By Oleen Ndori
ZIMBABWE is gearing up for the first anniversary of the SADC anti-sanctions which has seen the country getting the necessary support from the region and other progressive forces, in calling for the lifting of the illegal embargo imposed by the West.
In the year 2000, Zimbabwe decided to embark on the land reform programme with the aim of addressing land imbalances and economically empowering its people.
The move was met with harsh responses from the country’s detractors which saw the European Union and the United States imposing restrictive economic sanctions through the Zimbabwe Democracy and Economic Recovery Act (ZIDERA).
Under ZIDERA, Zimbabwe has been unfairly defined as a high-risk country for investment and cannot access offshore funds and loans from international financial institutions such as the IMF and World Bank, stunting Zimbabwe’s economic growth and limiting its commercial participation regionally and globally.
“It is an act passed on Zimbabwe, not just an individual or one organisation but it has been passed on Zimbabwe so that it does not have access lines of credit, access to certain markets, it does not have even debt cancellation of certain areas, it does not have a level of investment, the cost of money into this country must be expensive and all these issues so that ultimately that is convertible into lack of variables which a government in this country must achieve towards the people of Zimbabwe in terms of social aspects and so forth,” said Foreign Affairs and International Trade Minister (RTD) Lieutenant General Sibusiso Moyo
These punitive measures have been condemned by the SADC regional bloc, the African Union and the United Nations.
What is even more remarkable is the fact that on 25 October last year, the regional support was taken to a new level following the launch of SADC anti-sanctions campaign.
The then chairperson of SADC and Tanzanian President, John Magufuli said the removal of illegal sanctions imposed on Zimbabwe by the West will benefit the whole region.
“During the 39th summit, we passed the resolution to lift sanctions against Zimbabwe which were imposed since 2001. In that resolution, we approved October 25 of every year to be a special day against sanctions in Zimbabwe where member states will be conducting various activities including preparing dialogues and declarations against the sanctions on Zimbabwe… It is my strong belief that our nations will benefit if sanctions on Zimbabwe are lifted,” he said.
In November last year, United Nations Special Rapporteur on the Right to Food, Hilal Elver noted that the economic sanctions were contributing to Zimbabwe’s current food insecurity.
Although the sanctions have remained in place despite this widespread criticism, the second republic under the leadership of President Emmerson Mnangagwa is forging ahead through sanctions-busting measures that continue to drive economic development.
“Efforts towards practical and real-time solutions to the sustainable debt burden that constitutes a risk to long-lasting recovery for most developing countries must be vigorously pursued. The efforts must enable debtor countries to channel more resources towards developmental programs for Zimbabwe the illegal economic sanctions are undermining the implementation of the SDG agenda and constraining our ability to shield the economy from the negative impact of the novel coronavirus. Sanctions severely undermine our efforts to access capital from the inter markets hence Zimbabwe appeals to the UN general assembly to unequivocally call for the removal of these sanctions. Finally, Zimbabwe stands ready to work with the international community to strengthen multilateralism for the realisation of our shared goal of creating a better world for all,” he said.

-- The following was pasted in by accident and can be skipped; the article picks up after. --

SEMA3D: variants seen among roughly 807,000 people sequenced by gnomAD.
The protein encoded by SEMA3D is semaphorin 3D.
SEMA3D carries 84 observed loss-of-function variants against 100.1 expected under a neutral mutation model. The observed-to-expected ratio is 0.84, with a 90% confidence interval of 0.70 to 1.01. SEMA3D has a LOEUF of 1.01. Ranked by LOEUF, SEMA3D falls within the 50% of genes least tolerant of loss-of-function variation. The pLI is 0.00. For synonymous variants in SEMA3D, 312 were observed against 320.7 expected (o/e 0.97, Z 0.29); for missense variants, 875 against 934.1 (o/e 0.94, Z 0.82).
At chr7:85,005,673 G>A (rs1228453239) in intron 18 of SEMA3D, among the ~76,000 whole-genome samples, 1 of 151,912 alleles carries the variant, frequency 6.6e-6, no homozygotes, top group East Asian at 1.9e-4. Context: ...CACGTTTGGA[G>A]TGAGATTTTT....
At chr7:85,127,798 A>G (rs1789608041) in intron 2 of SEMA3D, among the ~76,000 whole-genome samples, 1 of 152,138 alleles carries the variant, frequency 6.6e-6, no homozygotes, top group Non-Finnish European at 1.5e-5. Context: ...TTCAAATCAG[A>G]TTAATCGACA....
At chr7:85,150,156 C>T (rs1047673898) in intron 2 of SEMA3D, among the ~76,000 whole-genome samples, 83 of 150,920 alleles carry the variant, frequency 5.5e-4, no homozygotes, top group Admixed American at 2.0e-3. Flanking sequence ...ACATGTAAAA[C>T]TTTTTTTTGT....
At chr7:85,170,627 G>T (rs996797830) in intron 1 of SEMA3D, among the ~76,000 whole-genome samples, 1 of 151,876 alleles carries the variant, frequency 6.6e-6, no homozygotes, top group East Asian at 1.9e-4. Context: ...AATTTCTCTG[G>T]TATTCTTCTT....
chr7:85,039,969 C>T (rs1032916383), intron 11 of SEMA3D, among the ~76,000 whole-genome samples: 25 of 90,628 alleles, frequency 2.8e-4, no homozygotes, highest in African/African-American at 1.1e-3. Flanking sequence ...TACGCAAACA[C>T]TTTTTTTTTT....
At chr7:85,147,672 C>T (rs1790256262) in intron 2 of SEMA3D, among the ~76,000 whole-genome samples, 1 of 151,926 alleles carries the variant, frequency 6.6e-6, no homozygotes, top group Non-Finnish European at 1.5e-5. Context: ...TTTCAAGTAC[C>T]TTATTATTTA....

In the same vein, calls for the lifting of the illegal embargo have grown louder with regional leaders such as South Africa President Cyril Ramaphosa, Namibia President Hage Geingob and Kenya President Uhuru Kenyatta and other progressive forces supporting Zimbabwe.
“To ensure that no country is left behind, we reiterate our position as the African Union that economic sanctions against Zimbabwe and Sudan should be lifted to allow their Governments to respond adequately to the pandemic.
“In support of the pursuit of economic development, unity and prosperity for the sister country of Zimbabwe, I once again call on the lifting of sanctions imposed on Zimbabwe.
“The Secretary-General’s recent appeal for a global ceasefire also includes a humanitarian call for the roll-back of international sanctions and to reinforce the efforts of vulnerable, fragile and conflict-affected countries, to deal with the impact of Covid-19. I state today that Kenya stands behind this initiative. In this connection, I wish to make a special appeal for an end to the economic and commercial as well as financial embargo against Cuba, sanctions against Zimbabwe and Sudan,” they said.
Foreign Affairs and International Trade Minister; Retired Lieutenant General Dr Sibusiso Moyo says the immense support from the continent has had a positive effect on economic growth.
“The solidarity within and the progress made, now if I can say the macro-economic environment has stabilized the exchange rate has stabilised, we are now recording a budget surplus, by 2025 we expect to be a net exporter of energy, we are expecting a rejuvenated mining industry which is a 12-billion-dollar industry expected to buttress the development of this country,” he said.
The one-year anniversary to mark SADC’s support to Zimbabwe’s anti-sanctions campaign provides member states with a platform to collectively voice their disapproval of the economic embargo through various platforms.